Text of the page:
Even though Double Tap was highlighted as a flagship feature of the Apple Watch Series 9, here's how you can use it on your existing Apple Watch — with no hardware upgrade necessary.
Double Tap is Apple's fancy marketing name for a new Apple Watch Series 9 gesture. Tap your index finger and thumb together in quick success and you can control your Apple Watch single-handedly.
But before the Apple Watch Series 9 was more than an upcoming internal project, Apple had released a set of accessibility tools that relied on the motion of your hand to replace the watch's physical hardware.
If you have an Apple Watch Series 4 or later, you can try it out for yourself.
Enabling Quick Actions and AssistiveTouch
You can enable either Quick Actions or full AssistiveTouch to mimic the Double Tap functionality. The former is nearly the same as Double Tap, while the second is more verbose.
How to enable Quick Actions
- Head to Settings > Accessibility > Quick Actions
- Choose On or On with AssistiveTouch
How to enable AssistiveTouch
- Head to Settings > Accessibility > AssistiveTouch
- Toggle AssistiveTouch on
- Customize actions by choosing Hand Gestures
Replicating Double Tap
With QuickAction or AssistiveTouch enabled you can recreate Double Tap on your Apple Watch.
The Quick Actions feature lets you tap your index and thumb together to dismiss a notification, snap a photo, or answer a call.
When in an app or when a notification appears, the edge of the screen will go blue, and an alert will appear on the top that gives directions, like "Dismiss Double Pinch or "Double pinch to take photo."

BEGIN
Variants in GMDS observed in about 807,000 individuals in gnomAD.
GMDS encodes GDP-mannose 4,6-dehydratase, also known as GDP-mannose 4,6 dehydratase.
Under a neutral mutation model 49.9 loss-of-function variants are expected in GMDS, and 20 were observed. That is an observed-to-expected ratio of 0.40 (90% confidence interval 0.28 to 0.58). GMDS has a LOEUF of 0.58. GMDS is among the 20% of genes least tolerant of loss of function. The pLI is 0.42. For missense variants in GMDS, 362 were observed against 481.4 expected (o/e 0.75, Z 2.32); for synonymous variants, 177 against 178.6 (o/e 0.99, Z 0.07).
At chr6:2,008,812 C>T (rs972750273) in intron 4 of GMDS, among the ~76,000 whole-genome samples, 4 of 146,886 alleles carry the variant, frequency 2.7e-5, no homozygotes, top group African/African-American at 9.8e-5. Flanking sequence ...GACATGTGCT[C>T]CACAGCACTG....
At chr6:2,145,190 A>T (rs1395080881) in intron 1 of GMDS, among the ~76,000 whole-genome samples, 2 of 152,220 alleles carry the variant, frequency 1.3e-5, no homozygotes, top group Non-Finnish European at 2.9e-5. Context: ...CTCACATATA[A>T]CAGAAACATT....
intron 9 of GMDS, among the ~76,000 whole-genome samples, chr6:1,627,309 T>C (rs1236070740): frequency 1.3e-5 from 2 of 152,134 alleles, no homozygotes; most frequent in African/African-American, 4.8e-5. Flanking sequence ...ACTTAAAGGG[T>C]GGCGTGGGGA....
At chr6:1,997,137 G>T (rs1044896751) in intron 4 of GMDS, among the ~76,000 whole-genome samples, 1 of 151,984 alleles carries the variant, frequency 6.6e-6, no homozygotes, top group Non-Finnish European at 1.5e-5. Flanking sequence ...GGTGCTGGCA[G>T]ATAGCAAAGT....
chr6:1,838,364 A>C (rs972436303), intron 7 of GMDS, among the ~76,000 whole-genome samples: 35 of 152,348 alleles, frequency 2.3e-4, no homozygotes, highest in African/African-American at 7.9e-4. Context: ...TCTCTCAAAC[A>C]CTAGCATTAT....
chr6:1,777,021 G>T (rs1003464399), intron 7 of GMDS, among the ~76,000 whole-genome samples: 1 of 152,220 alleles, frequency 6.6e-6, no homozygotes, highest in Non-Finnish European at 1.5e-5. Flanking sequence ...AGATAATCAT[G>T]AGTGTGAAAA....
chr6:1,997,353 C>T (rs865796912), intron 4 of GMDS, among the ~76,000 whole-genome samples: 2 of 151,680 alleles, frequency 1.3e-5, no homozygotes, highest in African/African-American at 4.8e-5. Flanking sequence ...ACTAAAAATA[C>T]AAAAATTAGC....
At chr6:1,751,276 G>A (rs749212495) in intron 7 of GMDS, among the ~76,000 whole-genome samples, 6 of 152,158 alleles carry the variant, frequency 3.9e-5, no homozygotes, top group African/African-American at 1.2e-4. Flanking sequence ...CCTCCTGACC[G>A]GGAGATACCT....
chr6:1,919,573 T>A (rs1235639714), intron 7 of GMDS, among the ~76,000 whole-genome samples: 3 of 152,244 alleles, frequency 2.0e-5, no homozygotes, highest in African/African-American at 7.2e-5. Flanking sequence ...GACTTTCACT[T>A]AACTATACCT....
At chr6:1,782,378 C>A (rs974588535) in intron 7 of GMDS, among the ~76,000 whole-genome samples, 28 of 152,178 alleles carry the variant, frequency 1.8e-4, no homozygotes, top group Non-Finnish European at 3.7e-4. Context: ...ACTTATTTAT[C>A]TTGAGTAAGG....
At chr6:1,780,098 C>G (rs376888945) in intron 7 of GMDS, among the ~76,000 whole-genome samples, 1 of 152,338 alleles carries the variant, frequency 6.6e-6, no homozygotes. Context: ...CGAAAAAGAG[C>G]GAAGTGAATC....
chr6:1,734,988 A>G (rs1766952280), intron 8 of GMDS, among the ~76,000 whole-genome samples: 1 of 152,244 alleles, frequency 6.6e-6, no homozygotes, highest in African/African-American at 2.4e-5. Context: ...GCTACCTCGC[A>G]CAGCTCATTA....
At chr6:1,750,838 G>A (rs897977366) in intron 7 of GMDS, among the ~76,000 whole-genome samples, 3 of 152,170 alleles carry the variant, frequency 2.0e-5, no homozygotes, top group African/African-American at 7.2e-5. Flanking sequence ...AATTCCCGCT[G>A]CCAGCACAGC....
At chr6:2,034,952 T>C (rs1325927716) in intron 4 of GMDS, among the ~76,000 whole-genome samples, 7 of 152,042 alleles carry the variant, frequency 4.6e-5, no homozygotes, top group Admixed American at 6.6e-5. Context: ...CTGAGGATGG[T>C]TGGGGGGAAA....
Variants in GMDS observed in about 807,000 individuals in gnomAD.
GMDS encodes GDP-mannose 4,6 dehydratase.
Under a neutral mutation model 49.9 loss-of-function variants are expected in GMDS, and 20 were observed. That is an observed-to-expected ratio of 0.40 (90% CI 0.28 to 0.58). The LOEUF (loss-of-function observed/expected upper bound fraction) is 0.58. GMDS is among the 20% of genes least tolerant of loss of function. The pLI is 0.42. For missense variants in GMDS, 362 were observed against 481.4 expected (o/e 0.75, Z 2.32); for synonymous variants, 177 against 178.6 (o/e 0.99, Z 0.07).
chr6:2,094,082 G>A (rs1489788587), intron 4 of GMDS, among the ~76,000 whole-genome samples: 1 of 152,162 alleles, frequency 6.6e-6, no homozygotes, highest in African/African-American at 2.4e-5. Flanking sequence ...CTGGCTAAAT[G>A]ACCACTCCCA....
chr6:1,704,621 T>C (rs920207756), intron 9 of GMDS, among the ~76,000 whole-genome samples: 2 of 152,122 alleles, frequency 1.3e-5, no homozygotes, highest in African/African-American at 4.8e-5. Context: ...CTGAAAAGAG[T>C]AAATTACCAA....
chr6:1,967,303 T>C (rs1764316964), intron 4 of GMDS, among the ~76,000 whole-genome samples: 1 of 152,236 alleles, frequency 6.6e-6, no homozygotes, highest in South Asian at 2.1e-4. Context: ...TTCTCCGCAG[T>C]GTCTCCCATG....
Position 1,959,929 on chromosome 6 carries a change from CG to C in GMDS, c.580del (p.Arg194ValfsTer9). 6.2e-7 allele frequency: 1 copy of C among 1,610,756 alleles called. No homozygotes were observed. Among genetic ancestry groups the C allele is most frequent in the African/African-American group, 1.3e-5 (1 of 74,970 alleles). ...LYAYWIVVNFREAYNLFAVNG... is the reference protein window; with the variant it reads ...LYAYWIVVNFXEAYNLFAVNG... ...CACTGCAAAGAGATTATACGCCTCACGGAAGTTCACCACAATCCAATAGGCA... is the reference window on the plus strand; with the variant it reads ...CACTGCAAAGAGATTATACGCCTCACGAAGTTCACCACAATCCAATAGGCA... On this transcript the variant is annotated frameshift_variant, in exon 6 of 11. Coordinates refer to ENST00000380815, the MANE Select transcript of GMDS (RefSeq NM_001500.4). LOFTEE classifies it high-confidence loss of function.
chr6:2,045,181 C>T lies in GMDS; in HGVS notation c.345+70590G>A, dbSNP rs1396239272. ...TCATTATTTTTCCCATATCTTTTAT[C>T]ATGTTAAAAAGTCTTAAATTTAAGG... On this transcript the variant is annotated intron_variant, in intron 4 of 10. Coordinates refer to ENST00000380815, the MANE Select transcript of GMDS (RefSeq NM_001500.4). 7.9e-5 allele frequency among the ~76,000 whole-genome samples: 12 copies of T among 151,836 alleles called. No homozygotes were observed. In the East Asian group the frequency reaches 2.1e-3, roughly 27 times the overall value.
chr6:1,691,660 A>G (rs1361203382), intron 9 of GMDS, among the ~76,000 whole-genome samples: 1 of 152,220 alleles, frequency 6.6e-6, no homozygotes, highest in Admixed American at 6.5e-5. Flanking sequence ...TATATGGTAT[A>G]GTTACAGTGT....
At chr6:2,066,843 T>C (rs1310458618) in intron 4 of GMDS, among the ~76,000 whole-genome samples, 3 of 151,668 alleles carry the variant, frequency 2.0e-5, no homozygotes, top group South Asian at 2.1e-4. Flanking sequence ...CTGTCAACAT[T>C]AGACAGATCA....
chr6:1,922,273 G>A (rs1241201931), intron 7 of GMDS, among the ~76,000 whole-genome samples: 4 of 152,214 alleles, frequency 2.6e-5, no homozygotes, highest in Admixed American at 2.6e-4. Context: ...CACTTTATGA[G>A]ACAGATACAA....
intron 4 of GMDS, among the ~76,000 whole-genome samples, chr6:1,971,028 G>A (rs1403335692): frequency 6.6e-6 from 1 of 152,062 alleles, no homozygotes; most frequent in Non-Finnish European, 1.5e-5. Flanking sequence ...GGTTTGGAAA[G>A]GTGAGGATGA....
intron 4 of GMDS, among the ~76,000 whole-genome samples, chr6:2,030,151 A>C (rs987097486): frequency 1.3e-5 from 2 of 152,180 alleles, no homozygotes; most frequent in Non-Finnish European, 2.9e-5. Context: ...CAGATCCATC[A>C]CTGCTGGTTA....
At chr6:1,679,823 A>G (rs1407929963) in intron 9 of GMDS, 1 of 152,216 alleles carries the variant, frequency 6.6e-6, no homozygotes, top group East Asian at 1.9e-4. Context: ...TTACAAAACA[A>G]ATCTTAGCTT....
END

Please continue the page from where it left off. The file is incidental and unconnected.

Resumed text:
AssistiveTouch bakes in more functionality. If you double-clench your fist, you'll open the Action Menu. The Action Menu houses options for mimicking a Digital Crown press, a side button press, or opening Apple Pay.
You navigate the menu by moving through the list with a single pinch or backward with a double pinch. When you want to mimic a tap on the highlighted button, do a single fist clench.
AssistiveTouch would allow you to go from the watch face to the Home Screen with apps, open an app, scroll through it and select further functions, open the app switcher, and move to a previously opened app. It's much more outside the scope of Double Tap.
Compared to Double Tap, Quick Actions seems slightly more limited. Double Tap reportedly can scroll in certain apps and has an accompanying icon when presented.
Apple says Double Tap takes the place of an app's primary button. That also seems to be a fair description of Quick Actions.
We expect performance to be the biggest differentiator as the Apple Watch Series 9 includes the first CPU boost in years. Not all gestures are recognized with Quick Actions and AssistiveTouch, and we hope the Series 9 is more reliable.